History of Dating

“When one tries to understand how dating has changed over time, and most importantly, how we arrived at the system of courtship and dating we have today, one must realize the monumental cultural shift that occurred during the 1940s, primarily due to World War II.”

“In the late 1940s, Margaret Mead, in describing this pre-war dating system, argued that dating was not about sex or marriage. Instead, it was a “competitive game,” a way for girls and boys to demonstrate their popularity. Men’s popularity needed outward material signs: automobile, clothing, fraternity membership, money, etc. Women’s popularity depended on building and maintaining a reputation of popularity: be seen with popular men in the “right” places, turn down requests for dates made at the last minute and cultivate the impression that you are greatly in demand.”

‘So, that is the system in place prior to World War II. After World War II the norms within the dating system began to change. By the late 1940s and early 1950s demographic realities began to sink in: There was a shortage of men. After World War II, due in part to the fact that 250,000 men never came home, for the first time in the United States, women outnumbered men.”

“Due primarily to this scarcity of men, two things happened in the United States after World War II pertaining to marriage: Marriage rates climbed, and the average age of those marrying went down. However, the most striking change in postwar courtship and dating was the ever-earlier age at which children and teenagers entered the courtship and dating system.”

“One sociologist wrote in a July 1953 New York Times Magazine article that each boy and girl ideally should date 25 to 50 eligible marriage partners before making his or her final decision. At the center of this 1950s youth dating culture was the act of “going steady,” according to Beth Bailey.  In her book, From Front Porch to Back Seat: Courtship in Twentieth Century America, Bailey says that,

[I]n earlier days going steady had been more like the old-fashioned ‘keeping steady company.’ It was a step along the path to marriage, even if many steady couples parted company before they reached the altar. By the early 1950s, going steady had acquired a totally different meaning. It was no longer the way a marriageable couple signaled their deepening intentions. Instead, going steady was something twelve-year-olds could do, and something most fifteen-year-olds did do. Few steady couples expected to marry each other, but for the duration of the relationship, acted as if they were married. Going steady had become a sort of play-marriage, a mimicry of actual marriage. (p. 49)

So, during the 1950s, going steady (or going out) had completely supplanted the former dating system based on popularity. And this new system had its own set of rules and customs. For instance, there had to be some visible token (class ring, letterman’s sweater or jacket) given to the one with whom you were going out. Additionally, the relationships were exclusive: Neither boy nor girl could date or pay much attention to anyone of the opposite sex. Obviously, most of these steady relationships did not result in marriage, oftentimes not lasting more than a few days or a few weeks.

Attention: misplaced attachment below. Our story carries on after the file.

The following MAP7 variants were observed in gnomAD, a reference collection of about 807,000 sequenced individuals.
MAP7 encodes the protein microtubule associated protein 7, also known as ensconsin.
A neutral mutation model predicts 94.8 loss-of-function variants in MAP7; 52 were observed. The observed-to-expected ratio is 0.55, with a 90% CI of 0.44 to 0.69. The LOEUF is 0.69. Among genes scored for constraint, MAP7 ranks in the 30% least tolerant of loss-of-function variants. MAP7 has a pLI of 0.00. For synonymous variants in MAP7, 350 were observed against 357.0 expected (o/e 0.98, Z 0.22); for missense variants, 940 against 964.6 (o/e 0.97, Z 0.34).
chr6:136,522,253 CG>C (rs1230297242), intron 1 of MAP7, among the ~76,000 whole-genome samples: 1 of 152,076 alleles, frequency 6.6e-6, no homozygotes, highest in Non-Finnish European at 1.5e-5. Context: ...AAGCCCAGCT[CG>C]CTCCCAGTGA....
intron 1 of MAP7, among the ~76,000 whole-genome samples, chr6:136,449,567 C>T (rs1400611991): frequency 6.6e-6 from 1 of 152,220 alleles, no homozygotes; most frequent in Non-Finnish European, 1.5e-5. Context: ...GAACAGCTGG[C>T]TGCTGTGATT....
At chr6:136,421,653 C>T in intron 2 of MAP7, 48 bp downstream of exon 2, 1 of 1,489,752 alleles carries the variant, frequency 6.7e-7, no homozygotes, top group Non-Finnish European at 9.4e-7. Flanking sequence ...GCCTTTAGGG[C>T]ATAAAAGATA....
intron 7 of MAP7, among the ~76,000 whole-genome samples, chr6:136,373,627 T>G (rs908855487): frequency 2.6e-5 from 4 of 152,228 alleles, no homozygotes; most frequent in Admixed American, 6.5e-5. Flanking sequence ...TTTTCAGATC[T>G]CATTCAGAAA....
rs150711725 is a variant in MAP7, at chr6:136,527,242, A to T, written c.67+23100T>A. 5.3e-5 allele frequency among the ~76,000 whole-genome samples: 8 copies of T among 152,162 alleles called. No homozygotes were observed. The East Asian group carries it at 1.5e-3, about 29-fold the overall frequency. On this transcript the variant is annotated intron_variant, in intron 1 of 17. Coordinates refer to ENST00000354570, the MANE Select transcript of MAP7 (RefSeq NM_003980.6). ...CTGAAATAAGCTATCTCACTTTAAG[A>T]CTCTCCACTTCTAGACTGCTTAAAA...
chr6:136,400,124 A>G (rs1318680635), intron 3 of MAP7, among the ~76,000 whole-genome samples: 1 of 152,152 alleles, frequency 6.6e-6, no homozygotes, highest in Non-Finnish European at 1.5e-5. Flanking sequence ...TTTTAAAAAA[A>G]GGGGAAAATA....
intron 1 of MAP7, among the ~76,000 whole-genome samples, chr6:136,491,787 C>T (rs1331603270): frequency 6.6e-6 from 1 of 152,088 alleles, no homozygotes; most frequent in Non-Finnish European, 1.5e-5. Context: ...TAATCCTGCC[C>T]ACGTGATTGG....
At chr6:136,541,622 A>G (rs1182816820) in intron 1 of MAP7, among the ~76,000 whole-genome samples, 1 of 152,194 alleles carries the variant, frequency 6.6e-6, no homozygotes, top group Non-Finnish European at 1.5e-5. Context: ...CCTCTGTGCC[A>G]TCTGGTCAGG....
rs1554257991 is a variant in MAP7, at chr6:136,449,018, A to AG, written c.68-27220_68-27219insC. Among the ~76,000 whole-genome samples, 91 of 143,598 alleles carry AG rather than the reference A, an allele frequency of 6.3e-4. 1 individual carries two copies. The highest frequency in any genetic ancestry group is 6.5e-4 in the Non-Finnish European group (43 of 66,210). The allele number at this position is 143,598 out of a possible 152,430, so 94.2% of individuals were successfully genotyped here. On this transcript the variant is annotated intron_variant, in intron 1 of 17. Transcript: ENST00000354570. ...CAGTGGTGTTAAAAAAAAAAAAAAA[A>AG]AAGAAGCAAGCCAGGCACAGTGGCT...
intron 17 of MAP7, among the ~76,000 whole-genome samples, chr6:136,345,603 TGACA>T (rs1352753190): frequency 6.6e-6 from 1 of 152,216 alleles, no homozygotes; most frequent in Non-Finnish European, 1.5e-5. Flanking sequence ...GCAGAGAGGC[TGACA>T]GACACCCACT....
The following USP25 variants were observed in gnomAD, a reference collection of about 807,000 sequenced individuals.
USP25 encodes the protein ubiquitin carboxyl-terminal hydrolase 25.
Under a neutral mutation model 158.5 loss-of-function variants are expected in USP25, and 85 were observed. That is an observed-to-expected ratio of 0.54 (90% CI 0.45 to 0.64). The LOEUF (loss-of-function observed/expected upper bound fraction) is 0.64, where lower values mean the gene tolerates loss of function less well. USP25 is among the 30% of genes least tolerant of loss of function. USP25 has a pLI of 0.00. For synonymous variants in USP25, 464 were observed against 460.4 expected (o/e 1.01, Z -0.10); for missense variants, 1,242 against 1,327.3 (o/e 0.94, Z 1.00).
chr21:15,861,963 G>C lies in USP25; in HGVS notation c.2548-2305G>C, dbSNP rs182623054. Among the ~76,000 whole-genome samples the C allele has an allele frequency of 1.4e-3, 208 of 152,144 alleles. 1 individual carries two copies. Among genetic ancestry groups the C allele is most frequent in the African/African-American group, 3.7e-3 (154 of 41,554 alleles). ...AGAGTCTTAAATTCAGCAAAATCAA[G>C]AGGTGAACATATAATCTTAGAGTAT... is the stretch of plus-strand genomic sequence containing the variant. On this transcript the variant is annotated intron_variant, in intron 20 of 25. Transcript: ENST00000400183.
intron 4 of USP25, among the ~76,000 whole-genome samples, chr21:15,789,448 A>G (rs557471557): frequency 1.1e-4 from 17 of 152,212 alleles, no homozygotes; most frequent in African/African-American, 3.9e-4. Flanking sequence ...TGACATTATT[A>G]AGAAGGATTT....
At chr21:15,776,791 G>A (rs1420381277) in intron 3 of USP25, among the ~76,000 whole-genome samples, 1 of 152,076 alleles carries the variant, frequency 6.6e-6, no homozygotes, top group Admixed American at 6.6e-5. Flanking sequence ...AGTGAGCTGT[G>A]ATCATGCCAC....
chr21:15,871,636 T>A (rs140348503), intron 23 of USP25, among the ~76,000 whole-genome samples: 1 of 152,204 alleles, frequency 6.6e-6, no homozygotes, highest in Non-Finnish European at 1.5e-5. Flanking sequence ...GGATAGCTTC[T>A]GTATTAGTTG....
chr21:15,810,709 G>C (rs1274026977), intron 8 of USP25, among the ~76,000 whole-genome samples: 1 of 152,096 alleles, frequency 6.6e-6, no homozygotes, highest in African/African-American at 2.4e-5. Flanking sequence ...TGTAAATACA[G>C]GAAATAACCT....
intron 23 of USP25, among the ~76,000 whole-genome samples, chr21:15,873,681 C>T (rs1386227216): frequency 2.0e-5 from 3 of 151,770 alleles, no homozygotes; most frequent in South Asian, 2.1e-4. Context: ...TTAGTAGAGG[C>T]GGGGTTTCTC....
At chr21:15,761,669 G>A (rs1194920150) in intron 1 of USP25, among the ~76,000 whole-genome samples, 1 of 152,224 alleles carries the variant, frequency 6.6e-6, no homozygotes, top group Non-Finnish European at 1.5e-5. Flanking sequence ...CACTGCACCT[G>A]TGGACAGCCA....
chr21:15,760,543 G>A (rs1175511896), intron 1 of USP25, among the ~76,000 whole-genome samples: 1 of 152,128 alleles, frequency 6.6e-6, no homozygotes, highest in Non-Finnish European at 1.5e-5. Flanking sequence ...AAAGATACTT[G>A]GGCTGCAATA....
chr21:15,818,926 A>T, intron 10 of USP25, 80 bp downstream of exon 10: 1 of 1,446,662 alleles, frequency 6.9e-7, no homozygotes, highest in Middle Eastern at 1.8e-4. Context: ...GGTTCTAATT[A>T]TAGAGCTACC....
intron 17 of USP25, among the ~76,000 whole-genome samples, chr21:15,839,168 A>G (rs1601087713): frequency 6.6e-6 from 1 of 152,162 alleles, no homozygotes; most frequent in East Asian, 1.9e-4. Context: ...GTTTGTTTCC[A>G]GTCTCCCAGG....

Many cultural commentators have argued that this going steady system has greatly contributed to our modern culture of divorce.”

“So where are we today? Do we have a dating/rating system that values the number of dates, and has popularity as its goal, or do we have a going steady system that values what is called “serial monogamy” — a succession of exclusive and serious relationships, as a practice for marriage? Or do we have a combination of the two?”

“It appears that the “script” that has developed in the closing decades of the 20th century and beginning of the 21st is, “anything goes.” And, although for many years this was sold under the heading of freedom, I believe young adults over the past decade have discovered that, in fact, it has caused cultural and relational vertigo — not knowing for certain which way is up or down, and not knowing in which direction to move. For many it’s utter confusion.”

 

Source: All information was taken from this article
http://www.boundless.org/relationships/2007/a-brief-history-of-courtship-and-dating-in-america-part-2

 

Soul Mate

Is there really only one perfect person for each of us to marry, and if you don’t marry that person than you won’t be happy? Some thoughts to consider:

If this is true, than what about Christians who have married non-Christians? The Bible is clear about the truth that Christians should marry Christians (because what we believe affects how we act and live). So if a Christian married a non-Christian, what happened to their perfect soul mate? Are they left out because their perfect soul mate married someone else?

What about a death of a Christian spouse? I know faithful Christians who have lost a spouse and eventually remarried later in life. Did they have two perfect soul mates?

If we each have a perfect soul mate, than how do we know when we have found the right one?

May I suggest that the idea of a perfect soul mate, may be erroneous? Biblically speaking the most important thing is finding someone who is a Christian who truly fears the Lord, or desires to do what is pleasing to God above all else. Love and marriage is not about how perfectly people fit together. Rather, love is a willful choice. God loves us not because we are easy to love, but because He simply graciously chose to love us. The same goes for our relationships; no one is easy to love, but we can choose to love them and remain committed even when things aren’t perfect.

Perhaps it’s not about finding your perfect soul mate, but rather finding a committed Christian who together are willing to make it work.